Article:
In a few weeks' time, your social media feed will be pink with sakura or cherry blossoms from your friends' trips to Japan or Korea. Not everyone has the luxury of a spring break, but a quick glance at the trees in the Philippines will show you that you don't have to go far for some beautiful and Instagram-friendly trees.
Popular Philippine trees that look most like the sakura are the Palawan cherry blossoms. There's even a park in Puerto Princesa dedicated to their stunning blush flowers. Though these Philippine trees are commonly mistaken as the Balayong (another cherry-blossom lookalike), they're actually a species of tabebuia and likewise bloom around April, which is more or less the same as Japan's sakura. Unlike cherry blossoms, however, they are closer in species to the acacia, narra, kamatsile, ipil, and tindalo. These trees. however, including the Balayong, aren't native to the Philippines.
The Philippines trees that we likely equate to cherry blossoms aren't native. However, there are many other beautiful trees that are native to the country, and they're pretty good alternatives to a spring break. The best part is that they're tropical and proudly Filipino.
Some of these trees include Banaba, Mangkono, Narra, Donya Aurora, Salinggogon, Malabulak, Salimbobog, Balitbitan, Siar, and Bagawak.
Here are our picks for the most gorgeous trees in the Philippines that need a little bit of your love, too.
1. Narra Tree
In case you've forgotten your gradeschool social studies, the Narra is actually the national tree of the Philippines. It can grow up to 30 meters high and its short stems can spread into luxurious branches. Its beauty lies in its dainty yellow flowers, which bloom between February and May. The Narra is low-maintenance and sturdy, which makes it a favorite for construction and woodwork purposes.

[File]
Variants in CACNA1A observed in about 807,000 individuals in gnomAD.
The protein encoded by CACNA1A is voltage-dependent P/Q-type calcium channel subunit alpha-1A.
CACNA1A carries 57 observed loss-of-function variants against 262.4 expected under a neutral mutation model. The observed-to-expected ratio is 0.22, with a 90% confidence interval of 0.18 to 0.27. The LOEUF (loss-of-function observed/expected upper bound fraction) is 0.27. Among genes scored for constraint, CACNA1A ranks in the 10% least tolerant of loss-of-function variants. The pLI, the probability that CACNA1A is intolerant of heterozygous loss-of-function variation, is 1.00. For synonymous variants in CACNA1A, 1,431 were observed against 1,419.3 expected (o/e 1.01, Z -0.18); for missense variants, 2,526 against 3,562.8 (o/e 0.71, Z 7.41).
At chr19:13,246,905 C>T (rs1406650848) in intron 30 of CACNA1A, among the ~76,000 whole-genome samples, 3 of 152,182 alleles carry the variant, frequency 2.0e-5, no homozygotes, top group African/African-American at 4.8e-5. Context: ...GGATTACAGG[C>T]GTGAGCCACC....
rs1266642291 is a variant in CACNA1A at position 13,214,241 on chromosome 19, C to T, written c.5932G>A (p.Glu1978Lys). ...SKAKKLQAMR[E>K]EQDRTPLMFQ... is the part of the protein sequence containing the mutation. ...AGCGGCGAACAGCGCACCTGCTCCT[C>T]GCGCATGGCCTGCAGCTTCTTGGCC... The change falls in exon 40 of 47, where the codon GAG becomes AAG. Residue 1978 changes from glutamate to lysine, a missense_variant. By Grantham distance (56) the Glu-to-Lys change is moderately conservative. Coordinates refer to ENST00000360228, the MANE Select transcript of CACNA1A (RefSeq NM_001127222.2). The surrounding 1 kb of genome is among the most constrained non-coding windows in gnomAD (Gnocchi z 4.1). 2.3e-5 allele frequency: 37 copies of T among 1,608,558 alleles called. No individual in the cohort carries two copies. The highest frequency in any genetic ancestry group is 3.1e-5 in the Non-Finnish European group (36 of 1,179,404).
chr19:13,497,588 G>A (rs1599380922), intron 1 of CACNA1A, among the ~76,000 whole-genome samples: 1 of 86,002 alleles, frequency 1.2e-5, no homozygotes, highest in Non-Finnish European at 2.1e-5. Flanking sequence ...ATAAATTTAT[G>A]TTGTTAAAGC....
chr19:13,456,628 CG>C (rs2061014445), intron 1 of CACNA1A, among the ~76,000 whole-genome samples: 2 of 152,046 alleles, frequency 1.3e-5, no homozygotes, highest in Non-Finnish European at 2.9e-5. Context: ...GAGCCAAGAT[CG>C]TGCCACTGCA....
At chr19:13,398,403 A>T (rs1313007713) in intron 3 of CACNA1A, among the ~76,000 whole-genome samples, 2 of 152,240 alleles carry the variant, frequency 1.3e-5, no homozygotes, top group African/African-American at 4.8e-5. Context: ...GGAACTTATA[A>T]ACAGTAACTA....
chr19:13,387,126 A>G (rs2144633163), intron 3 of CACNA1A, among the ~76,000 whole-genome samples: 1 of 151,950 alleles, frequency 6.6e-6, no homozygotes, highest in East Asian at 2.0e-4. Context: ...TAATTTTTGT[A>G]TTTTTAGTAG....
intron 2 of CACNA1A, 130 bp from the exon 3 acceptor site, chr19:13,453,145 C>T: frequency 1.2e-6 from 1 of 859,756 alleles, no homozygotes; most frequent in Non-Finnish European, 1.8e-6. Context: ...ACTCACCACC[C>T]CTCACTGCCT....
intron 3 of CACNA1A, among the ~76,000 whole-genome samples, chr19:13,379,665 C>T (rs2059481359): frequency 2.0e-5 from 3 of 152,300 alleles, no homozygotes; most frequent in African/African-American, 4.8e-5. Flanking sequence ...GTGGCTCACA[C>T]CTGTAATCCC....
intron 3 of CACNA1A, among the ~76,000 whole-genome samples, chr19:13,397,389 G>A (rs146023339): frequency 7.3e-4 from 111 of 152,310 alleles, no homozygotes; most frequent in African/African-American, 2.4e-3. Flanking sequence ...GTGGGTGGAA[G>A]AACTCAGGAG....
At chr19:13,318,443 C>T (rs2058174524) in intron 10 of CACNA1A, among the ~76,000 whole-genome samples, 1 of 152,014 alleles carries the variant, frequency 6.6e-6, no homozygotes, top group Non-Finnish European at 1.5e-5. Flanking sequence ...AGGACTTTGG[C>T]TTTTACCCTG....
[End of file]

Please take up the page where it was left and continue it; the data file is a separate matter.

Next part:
Where to find Narra trees in the Philippines: They can grow anywhere, but they're more common in the Bicol region.
2. Banaba Tree
The Banaba tree is a favorite among landscape artists for its delicate pink-purple flowers, which have a similar vibe to cherry blossoms. Also known as the Giant Crape-Myrtle or Queen's Crape-Myrtle, these trees have several uses. Because of its strong and widespread roots, this Philippine tree been used to combat soil erosion; its leaves can help stabilize blood sugar; and its bark can help with stomach problems.
Where to find Banaba trees in the Philippines: These are easy to find in Luzon (Palawan, especially) and Mindanao. Even U.P. Diliman has some.
3. Siar Tree
This Philippine tree's yellow blossoms are absolutely stunning and they're especially vivid during the summer. The tree is also known as the Kalayaan tree because Emilio Aguinaldo planted one during the Malolos Convention. Underneath this particular Siar in Malolos is a monument of Gregorio del Pilar, Gen. Isidoro Torres, Don Pablo Tecson, Padre Mariano Sevilla, and Doña Basilia Tantoco.
Where to find Siar trees in the Philippines: The historic tree is found in Malolos, but there's another one in U.P. (at the U.P. Washington Sycip Garden of Native Trees). Siar trees also grow in Subic and Olongapo. You can even find a few in Greenbelt.
4. Salingbobog Tree
The Salingbobog is one of the Philippine trees likened to cherry blossoms. The flowers are more white than pink, but look up close and you can see that lovely pink hue in the middle. They're also called balai-lamok, among many other names. It bears an edible fruit that's chock-full of vitamin C.
Where to find Salingbobog trees in the Philippines: U.P. also has some near the U.P. Lagoon.
5. Malabulak Tree
We've just missed the Malabulak in its prime. Its red flowers are magnificent around February. It's often mistaken as the fire tree, but its flowers are much more compact. More importantly, the Malabulak is a proud native of the Philippines.
Where to find Malabulak trees in the Philippines: You'll see some of these around Quezon City. They're also common in Nueva Ecija, Bataan, Rizal, and Laguna.
6. Mangkono Tree
You might be hard pressed to find this tree. Its conservation status is endangered, so it's rare to see its stunning fire-red blooms, which resemble sea anemones. Nicknamed "bakal na kahoy," the Mangkono has a reputation for being the hardest wood in the Philippines. Even a diamond-point saw can take days to slice through a small trunk.
Where to find Mangkono trees in the Philippines: The few Mangkono trees left may be spotted at Caraga, Leyte, Samar, or Palawan. A few of these have also been spotted in Taal.
Some of the photos (Narra and Banaba) have been changed for accuracy.
*This story originally appeared on Esquiremag.ph. Minor edits have been made by the Preview.ph editors.